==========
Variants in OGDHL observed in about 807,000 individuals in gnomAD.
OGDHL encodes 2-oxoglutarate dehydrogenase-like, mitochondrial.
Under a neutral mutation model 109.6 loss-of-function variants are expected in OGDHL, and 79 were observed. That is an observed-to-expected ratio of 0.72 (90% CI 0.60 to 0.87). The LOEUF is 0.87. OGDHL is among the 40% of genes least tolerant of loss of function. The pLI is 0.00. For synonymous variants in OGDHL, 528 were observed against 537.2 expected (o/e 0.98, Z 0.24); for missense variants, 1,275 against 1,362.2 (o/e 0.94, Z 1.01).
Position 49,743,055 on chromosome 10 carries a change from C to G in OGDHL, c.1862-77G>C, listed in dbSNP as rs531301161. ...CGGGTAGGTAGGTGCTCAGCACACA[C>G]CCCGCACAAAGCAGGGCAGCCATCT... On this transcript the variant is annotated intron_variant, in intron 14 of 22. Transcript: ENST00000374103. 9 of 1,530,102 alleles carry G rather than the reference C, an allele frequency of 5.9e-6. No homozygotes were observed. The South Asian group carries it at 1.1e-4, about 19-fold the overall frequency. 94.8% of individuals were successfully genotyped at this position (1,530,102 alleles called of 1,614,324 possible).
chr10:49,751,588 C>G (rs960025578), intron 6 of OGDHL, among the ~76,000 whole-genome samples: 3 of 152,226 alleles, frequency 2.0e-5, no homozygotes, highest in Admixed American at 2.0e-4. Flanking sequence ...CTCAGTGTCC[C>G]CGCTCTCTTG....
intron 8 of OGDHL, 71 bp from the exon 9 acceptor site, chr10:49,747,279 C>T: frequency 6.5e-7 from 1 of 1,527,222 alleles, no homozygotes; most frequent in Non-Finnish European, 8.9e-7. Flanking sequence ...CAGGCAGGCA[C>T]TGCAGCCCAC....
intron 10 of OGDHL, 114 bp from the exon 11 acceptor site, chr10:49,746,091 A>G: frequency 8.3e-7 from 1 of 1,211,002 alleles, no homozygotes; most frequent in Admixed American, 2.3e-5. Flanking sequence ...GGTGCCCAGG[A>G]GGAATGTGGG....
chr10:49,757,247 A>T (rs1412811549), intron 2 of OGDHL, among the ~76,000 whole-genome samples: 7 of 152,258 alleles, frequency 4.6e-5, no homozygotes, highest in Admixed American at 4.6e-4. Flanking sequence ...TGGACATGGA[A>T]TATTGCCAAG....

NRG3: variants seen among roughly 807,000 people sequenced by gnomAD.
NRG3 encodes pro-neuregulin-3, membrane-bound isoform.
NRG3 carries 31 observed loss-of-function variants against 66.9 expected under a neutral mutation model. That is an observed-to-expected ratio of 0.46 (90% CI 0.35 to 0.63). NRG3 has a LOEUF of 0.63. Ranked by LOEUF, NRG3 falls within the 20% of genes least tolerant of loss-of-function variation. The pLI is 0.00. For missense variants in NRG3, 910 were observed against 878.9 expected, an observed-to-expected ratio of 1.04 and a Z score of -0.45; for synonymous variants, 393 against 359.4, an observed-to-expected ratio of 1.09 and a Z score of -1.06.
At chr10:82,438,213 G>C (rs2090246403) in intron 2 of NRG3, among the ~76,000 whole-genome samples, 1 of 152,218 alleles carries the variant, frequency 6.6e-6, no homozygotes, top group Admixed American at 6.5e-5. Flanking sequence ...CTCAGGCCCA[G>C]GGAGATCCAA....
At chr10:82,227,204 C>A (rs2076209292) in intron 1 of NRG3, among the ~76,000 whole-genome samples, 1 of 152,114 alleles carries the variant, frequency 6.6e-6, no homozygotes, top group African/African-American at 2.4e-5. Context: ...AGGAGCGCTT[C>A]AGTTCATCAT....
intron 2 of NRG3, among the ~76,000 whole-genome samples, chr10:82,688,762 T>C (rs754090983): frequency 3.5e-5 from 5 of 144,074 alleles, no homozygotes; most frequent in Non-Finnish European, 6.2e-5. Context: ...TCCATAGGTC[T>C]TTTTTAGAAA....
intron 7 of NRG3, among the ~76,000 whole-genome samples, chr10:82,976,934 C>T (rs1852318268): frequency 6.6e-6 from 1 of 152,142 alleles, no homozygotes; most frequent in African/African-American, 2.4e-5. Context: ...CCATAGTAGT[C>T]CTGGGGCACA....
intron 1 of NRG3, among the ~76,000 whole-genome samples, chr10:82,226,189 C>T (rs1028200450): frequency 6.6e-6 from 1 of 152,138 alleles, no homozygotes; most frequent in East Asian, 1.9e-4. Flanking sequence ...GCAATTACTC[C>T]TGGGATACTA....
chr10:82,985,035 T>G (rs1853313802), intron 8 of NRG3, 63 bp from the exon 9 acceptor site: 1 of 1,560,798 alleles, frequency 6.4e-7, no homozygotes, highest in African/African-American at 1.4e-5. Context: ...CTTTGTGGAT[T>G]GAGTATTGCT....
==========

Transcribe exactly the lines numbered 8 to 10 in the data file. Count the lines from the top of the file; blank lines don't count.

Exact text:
chr10:49,757,247 A>T (rs1412811549), intron 2 of OGDHL, among the ~76,000 whole-genome samples: 7 of 152,258 alleles, frequency 4.6e-5, no homozygotes, highest in Admixed American at 4.6e-4. Flanking sequence ...TGGACATGGA[A>T]TATTGCCAAG....

NRG3: variants seen among roughly 807,000 people sequenced by gnomAD.
NRG3 encodes pro-neuregulin-3, membrane-bound isoform.